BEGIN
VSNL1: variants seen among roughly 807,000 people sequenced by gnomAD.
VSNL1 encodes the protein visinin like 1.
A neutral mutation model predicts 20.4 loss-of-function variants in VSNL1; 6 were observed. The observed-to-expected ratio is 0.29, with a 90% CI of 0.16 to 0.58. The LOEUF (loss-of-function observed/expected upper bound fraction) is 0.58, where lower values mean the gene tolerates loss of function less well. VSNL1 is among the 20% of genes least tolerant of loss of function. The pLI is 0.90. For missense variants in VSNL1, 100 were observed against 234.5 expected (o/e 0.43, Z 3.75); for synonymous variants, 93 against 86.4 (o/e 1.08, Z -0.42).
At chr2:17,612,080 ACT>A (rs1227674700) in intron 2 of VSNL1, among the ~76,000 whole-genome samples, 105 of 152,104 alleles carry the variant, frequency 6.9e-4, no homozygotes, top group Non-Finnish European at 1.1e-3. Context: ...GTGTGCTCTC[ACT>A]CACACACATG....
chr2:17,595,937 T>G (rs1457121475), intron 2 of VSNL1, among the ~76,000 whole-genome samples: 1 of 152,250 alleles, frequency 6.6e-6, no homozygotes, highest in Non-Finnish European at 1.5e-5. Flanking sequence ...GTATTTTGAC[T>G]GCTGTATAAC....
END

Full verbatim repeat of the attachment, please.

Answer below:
VSNL1: variants seen among roughly 807,000 people sequenced by gnomAD.
VSNL1 encodes the protein visinin like 1.
A neutral mutation model predicts 20.4 loss-of-function variants in VSNL1; 6 were observed. The observed-to-expected ratio is 0.29, with a 90% CI of 0.16 to 0.58. The LOEUF (loss-of-function observed/expected upper bound fraction) is 0.58, where lower values mean the gene tolerates loss of function less well. VSNL1 is among the 20% of genes least tolerant of loss of function. The pLI is 0.90. For missense variants in VSNL1, 100 were observed against 234.5 expected (o/e 0.43, Z 3.75); for synonymous variants, 93 against 86.4 (o/e 1.08, Z -0.42).
At chr2:17,612,080 ACT>A (rs1227674700) in intron 2 of VSNL1, among the ~76,000 whole-genome samples, 105 of 152,104 alleles carry the variant, frequency 6.9e-4, no homozygotes, top group Non-Finnish European at 1.1e-3. Context: ...GTGTGCTCTC[ACT>A]CACACACATG....
chr2:17,595,937 T>G (rs1457121475), intron 2 of VSNL1, among the ~76,000 whole-genome samples: 1 of 152,250 alleles, frequency 6.6e-6, no homozygotes, highest in Non-Finnish European at 1.5e-5. Flanking sequence ...GTATTTTGAC[T>G]GCTGTATAAC....